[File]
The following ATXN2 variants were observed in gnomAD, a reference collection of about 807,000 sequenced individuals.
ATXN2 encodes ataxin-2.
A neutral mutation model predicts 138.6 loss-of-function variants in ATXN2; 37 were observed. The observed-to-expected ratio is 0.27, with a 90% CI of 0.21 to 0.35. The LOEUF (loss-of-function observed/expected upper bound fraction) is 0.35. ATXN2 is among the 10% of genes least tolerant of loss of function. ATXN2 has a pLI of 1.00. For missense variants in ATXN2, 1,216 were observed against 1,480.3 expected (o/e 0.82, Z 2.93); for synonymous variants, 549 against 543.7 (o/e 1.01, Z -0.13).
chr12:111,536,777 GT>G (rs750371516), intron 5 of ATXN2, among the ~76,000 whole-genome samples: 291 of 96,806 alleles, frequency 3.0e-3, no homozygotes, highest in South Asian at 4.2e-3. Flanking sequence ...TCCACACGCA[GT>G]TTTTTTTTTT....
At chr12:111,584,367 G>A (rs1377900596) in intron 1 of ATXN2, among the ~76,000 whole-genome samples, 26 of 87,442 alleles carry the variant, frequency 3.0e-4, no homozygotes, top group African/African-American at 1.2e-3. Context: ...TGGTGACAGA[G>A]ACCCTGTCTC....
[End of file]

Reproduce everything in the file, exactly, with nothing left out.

The following ATXN2 variants were observed in gnomAD, a reference collection of about 807,000 sequenced individuals.
ATXN2 encodes ataxin-2.
A neutral mutation model predicts 138.6 loss-of-function variants in ATXN2; 37 were observed. The observed-to-expected ratio is 0.27, with a 90% CI of 0.21 to 0.35. The LOEUF (loss-of-function observed/expected upper bound fraction) is 0.35. ATXN2 is among the 10% of genes least tolerant of loss of function. ATXN2 has a pLI of 1.00. For missense variants in ATXN2, 1,216 were observed against 1,480.3 expected (o/e 0.82, Z 2.93); for synonymous variants, 549 against 543.7 (o/e 1.01, Z -0.13).
chr12:111,536,777 GT>G (rs750371516), intron 5 of ATXN2, among the ~76,000 whole-genome samples: 291 of 96,806 alleles, frequency 3.0e-3, no homozygotes, highest in South Asian at 4.2e-3. Flanking sequence ...TCCACACGCA[GT>G]TTTTTTTTTT....
At chr12:111,584,367 G>A (rs1377900596) in intron 1 of ATXN2, among the ~76,000 whole-genome samples, 26 of 87,442 alleles carry the variant, frequency 3.0e-4, no homozygotes, top group African/African-American at 1.2e-3. Context: ...TGGTGACAGA[G>A]ACCCTGTCTC....